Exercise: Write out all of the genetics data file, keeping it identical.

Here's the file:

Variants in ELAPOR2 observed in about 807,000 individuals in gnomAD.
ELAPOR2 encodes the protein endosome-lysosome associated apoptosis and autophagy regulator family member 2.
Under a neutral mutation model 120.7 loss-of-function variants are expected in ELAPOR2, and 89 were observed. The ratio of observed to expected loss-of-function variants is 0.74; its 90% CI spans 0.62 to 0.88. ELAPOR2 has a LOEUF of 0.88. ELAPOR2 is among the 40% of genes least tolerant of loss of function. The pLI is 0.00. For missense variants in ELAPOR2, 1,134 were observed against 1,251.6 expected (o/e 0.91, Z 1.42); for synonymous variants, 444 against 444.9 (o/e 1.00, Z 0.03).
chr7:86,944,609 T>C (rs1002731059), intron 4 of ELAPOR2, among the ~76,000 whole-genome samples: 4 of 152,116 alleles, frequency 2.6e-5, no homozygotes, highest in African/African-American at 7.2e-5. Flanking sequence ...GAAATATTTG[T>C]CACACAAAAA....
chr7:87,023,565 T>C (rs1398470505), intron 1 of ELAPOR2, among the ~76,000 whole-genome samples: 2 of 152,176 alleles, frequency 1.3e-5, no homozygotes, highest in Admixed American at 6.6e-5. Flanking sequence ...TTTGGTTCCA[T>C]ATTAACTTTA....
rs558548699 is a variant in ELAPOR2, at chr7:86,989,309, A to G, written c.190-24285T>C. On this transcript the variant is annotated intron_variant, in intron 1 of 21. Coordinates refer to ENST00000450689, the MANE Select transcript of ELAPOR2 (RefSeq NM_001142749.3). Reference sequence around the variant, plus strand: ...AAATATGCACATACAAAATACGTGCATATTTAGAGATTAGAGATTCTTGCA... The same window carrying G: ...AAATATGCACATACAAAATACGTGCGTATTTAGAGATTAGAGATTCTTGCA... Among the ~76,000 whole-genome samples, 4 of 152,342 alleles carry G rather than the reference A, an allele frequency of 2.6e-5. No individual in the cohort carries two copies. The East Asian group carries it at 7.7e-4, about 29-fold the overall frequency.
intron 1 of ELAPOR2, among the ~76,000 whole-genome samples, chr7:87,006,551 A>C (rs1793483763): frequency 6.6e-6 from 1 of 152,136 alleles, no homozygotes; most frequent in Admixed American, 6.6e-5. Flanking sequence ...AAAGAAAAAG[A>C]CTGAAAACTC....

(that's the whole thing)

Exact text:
Variants in ELAPOR2 observed in about 807,000 individuals in gnomAD.
ELAPOR2 encodes the protein endosome-lysosome associated apoptosis and autophagy regulator family member 2.
Under a neutral mutation model 120.7 loss-of-function variants are expected in ELAPOR2, and 89 were observed. The ratio of observed to expected loss-of-function variants is 0.74; its 90% CI spans 0.62 to 0.88. ELAPOR2 has a LOEUF of 0.88. ELAPOR2 is among the 40% of genes least tolerant of loss of function. The pLI is 0.00. For missense variants in ELAPOR2, 1,134 were observed against 1,251.6 expected (o/e 0.91, Z 1.42); for synonymous variants, 444 against 444.9 (o/e 1.00, Z 0.03).
chr7:86,944,609 T>C (rs1002731059), intron 4 of ELAPOR2, among the ~76,000 whole-genome samples: 4 of 152,116 alleles, frequency 2.6e-5, no homozygotes, highest in African/African-American at 7.2e-5. Flanking sequence ...GAAATATTTG[T>C]CACACAAAAA....
chr7:87,023,565 T>C (rs1398470505), intron 1 of ELAPOR2, among the ~76,000 whole-genome samples: 2 of 152,176 alleles, frequency 1.3e-5, no homozygotes, highest in Admixed American at 6.6e-5. Flanking sequence ...TTTGGTTCCA[T>C]ATTAACTTTA....
rs558548699 is a variant in ELAPOR2, at chr7:86,989,309, A to G, written c.190-24285T>C. On this transcript the variant is annotated intron_variant, in intron 1 of 21. Coordinates refer to ENST00000450689, the MANE Select transcript of ELAPOR2 (RefSeq NM_001142749.3). Reference sequence around the variant, plus strand: ...AAATATGCACATACAAAATACGTGCATATTTAGAGATTAGAGATTCTTGCA... The same window carrying G: ...AAATATGCACATACAAAATACGTGCGTATTTAGAGATTAGAGATTCTTGCA... Among the ~76,000 whole-genome samples, 4 of 152,342 alleles carry G rather than the reference A, an allele frequency of 2.6e-5. No individual in the cohort carries two copies. The East Asian group carries it at 7.7e-4, about 29-fold the overall frequency.
intron 1 of ELAPOR2, among the ~76,000 whole-genome samples, chr7:87,006,551 A>C (rs1793483763): frequency 6.6e-6 from 1 of 152,136 alleles, no homozygotes; most frequent in Admixed American, 6.6e-5. Flanking sequence ...AAAGAAAAAG[A>C]CTGAAAACTC....